Tuesday, September 23, 2014
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Christie wrong to dismiss black justice

Gov. Christie's take-no-prisoners approach to government is threatening to derail his efforts to lead the state through tough times.

Christie wrong to dismiss black justice

At age 68, New Jersey Supreme Court Justice John E. Wallace Jr. would only have two more years to serve before mandatory retirement, if reappointed. (DAVID M WARREN / Staff Photographer )
At age 68, New Jersey Supreme Court Justice John E. Wallace Jr. would only have two more years to serve before mandatory retirement, if reappointed. (DAVID M WARREN / Staff Photographer ) DAVID M WARREN / Staff Photographer

 

Gov. Christie’s take-no-prisoners approach to government is threatening to derail his efforts to lead the state through tough times. What may have seemed refreshing in his first 100 days has gotten old fast. Even when you agree with what the governor is trying to accomplish, it’s hard to accept his attitude that the opposition is to be sneered at when it begs for compromise or suggests that there might be a more amenable route to the end he desires.
 
Christie’s decision this week to ignore fervent pleas to reappoint the only African American on the New Jersey Supreme Court smacks of an unnecessary belligerence that puts political considerations above everything else. The governor cared not a whit that by all estimates, Justice John E. Wallace Jr., a former Gloucester County judge, has done a fine job since his appointment to the high court seven years ago. Chief Justice Stuart Rabner described Wallace as “an intellectually honest, wise, and independent thinker, a fair-minded jurist, a gifted, thoughtful writer, and a model of integrity and character.”
 
Christie didn’t care that Wallace wasn’t even on the court when it made the rulings that conservatives now cite as their rationale for wanting Christie to steer the court to a different direction. Those rulings included the Abbott decision mandating disproportionate state funding to poor schools, and the Mount Laurel ruling requiring every town to provide affordable housing. Wallace didn’t make those decisions, but so what? Christie had a chance to toss his conservative backers a bone, and he did it.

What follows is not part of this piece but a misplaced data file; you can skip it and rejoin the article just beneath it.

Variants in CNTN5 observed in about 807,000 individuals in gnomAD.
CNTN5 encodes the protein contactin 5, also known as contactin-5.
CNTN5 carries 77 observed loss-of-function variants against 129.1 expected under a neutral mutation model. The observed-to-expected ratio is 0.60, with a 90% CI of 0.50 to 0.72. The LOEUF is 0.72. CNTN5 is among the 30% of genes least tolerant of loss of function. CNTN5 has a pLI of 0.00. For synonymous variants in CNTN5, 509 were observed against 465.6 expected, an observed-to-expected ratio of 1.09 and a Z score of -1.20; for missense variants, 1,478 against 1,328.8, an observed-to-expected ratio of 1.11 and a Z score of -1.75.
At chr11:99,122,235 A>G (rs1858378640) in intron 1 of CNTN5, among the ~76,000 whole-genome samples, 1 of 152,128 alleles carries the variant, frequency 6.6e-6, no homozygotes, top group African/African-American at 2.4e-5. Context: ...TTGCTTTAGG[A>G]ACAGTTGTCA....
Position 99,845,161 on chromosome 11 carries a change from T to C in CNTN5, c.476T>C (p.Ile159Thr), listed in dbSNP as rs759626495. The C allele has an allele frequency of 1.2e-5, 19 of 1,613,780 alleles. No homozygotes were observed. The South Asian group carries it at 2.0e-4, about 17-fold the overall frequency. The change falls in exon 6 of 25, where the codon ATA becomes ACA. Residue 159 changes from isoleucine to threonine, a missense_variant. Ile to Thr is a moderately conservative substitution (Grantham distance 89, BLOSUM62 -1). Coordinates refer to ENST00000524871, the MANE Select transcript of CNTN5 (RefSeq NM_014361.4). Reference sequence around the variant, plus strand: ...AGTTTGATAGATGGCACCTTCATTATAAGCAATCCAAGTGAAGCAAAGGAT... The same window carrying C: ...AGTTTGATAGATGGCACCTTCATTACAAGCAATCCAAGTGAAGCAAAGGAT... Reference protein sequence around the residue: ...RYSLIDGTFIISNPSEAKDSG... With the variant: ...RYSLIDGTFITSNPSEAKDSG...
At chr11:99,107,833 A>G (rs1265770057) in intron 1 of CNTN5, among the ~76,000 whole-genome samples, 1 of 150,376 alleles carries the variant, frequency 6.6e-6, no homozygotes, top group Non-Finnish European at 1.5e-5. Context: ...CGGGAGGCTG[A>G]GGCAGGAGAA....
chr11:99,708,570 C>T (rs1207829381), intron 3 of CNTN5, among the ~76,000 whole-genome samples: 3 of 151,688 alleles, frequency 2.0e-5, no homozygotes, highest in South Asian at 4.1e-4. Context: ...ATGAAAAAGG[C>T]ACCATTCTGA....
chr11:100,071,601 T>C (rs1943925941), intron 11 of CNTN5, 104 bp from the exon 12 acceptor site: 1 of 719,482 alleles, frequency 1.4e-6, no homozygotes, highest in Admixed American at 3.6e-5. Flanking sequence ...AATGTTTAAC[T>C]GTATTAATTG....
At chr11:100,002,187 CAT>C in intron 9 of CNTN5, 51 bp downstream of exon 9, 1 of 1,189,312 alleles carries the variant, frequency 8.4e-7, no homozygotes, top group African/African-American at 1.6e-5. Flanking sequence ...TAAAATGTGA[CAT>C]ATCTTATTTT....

Wallace will reach the mandatory retirement age of 70 in two years, but Christie couldn’t wait. The governor will get at least three more chances to put his stamp on the court as other terms expire in the next three years, but Wallace had to go now.
 
And who will replace him? In a blatant attempt to counter criticism of his removing the only black from the court, Christie chose a woman, Morris County lawyer Anne M. Patterson, a former deputy attorney general. Patterson’s credentials may satisfy anyone who thinks the court, with rulings like Abbott and Mount Laurel, has too frequently aligned itself with the downtrodden. She has had a successful career representing corporate interests in product liability cases.
 
Her appointment is no guarantee, however. It must be confirmed by the Senate, and Senate President Steve Sweeney (D., Gloucester) and Judiciary Committee member Raymond Lesniak (D., Union), have indicated they won’t let that happen. Their anger, and the anger of African Americans who support Justice Wallace, is a reminder of how Christie also needlessly angered teachers by lumping the good and the bad in his worthy goal to cut education spending. He needs to be a leader whose vision sprouts unity, not division.
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